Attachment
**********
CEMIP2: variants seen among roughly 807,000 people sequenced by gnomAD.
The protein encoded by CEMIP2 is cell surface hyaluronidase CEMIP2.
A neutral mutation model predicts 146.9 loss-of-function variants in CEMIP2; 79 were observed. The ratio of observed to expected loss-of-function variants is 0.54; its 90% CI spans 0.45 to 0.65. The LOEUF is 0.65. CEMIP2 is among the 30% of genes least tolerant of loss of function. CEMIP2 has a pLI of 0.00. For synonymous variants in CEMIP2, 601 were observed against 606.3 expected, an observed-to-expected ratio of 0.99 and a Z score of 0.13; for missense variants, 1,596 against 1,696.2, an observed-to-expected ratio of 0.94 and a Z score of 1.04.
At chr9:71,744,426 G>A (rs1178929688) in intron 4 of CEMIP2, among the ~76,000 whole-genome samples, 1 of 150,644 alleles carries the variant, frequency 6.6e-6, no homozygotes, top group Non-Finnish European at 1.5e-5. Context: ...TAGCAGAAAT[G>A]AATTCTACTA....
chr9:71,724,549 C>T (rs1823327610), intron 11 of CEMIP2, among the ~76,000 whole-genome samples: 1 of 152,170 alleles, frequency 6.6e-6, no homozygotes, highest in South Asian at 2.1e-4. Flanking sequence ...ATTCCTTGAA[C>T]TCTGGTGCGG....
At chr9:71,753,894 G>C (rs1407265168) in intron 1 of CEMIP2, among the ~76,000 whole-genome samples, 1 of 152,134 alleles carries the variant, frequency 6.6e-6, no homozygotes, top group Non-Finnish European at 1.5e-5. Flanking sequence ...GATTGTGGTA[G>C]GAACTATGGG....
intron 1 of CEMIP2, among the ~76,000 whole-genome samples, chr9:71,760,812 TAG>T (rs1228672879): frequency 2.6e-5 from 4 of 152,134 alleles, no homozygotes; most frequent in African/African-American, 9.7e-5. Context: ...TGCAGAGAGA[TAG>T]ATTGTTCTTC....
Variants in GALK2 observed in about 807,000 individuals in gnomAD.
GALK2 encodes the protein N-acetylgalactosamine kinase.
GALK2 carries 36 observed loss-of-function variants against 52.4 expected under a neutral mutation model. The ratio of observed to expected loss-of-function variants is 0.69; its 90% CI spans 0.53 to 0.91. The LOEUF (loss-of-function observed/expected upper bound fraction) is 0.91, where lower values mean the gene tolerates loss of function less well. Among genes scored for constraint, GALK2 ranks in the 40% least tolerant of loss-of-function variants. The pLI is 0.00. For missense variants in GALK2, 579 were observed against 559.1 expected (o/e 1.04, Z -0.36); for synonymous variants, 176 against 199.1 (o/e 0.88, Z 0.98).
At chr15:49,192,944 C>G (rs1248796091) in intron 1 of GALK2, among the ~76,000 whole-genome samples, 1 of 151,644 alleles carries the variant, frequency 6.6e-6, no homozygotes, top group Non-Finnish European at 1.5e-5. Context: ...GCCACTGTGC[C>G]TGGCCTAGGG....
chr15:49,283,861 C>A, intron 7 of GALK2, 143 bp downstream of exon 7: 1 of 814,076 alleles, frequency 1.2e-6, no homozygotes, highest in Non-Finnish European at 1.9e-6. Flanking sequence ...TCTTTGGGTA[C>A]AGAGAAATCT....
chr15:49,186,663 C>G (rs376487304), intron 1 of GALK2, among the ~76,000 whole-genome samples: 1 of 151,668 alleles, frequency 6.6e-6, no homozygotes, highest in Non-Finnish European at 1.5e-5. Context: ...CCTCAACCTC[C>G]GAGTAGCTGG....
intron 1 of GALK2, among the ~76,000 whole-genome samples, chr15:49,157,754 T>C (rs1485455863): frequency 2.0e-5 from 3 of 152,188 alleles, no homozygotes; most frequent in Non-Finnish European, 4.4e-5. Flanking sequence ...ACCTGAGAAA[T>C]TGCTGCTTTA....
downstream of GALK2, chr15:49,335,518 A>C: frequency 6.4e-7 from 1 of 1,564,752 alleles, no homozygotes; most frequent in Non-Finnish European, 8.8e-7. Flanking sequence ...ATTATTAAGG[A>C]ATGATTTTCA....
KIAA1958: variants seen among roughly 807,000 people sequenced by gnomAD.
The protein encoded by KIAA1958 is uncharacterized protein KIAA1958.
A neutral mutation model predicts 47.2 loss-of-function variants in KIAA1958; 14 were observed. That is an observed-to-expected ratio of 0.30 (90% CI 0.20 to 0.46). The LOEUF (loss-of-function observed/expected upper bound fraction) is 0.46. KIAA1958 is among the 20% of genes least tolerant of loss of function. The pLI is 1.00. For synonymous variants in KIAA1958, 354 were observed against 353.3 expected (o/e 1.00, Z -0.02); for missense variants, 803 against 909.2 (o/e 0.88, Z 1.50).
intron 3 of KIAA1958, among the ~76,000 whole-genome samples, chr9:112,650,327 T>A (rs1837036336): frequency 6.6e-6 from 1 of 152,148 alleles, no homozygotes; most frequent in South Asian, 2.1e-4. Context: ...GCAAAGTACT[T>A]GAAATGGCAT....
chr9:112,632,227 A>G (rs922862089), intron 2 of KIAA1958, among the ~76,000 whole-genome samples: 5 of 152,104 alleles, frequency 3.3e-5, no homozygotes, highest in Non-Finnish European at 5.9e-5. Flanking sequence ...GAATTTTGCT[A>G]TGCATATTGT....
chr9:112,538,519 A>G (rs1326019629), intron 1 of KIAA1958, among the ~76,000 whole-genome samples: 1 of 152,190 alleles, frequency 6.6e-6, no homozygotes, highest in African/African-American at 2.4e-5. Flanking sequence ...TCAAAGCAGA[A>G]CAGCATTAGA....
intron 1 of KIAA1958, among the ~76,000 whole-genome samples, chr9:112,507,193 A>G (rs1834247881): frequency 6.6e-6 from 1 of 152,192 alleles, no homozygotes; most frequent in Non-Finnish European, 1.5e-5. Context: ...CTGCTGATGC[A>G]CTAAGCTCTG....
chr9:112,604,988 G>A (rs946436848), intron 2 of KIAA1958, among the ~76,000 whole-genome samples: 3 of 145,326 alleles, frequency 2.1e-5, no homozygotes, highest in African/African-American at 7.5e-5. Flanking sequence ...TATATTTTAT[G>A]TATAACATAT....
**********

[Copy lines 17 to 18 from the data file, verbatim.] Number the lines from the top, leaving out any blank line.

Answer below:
The protein encoded by KIAA1958 is uncharacterized protein KIAA1958.
A neutral mutation model predicts 47.2 loss-of-function variants in KIAA1958; 14 were observed. That is an observed-to-expected ratio of 0.30 (90% CI 0.20 to 0.46). The LOEUF (loss-of-function observed/expected upper bound fraction) is 0.46. KIAA1958 is among the 20% of genes least tolerant of loss of function. The pLI is 1.00. For synonymous variants in KIAA1958, 354 were observed against 353.3 expected (o/e 1.00, Z -0.02); for missense variants, 803 against 909.2 (o/e 0.88, Z 1.50).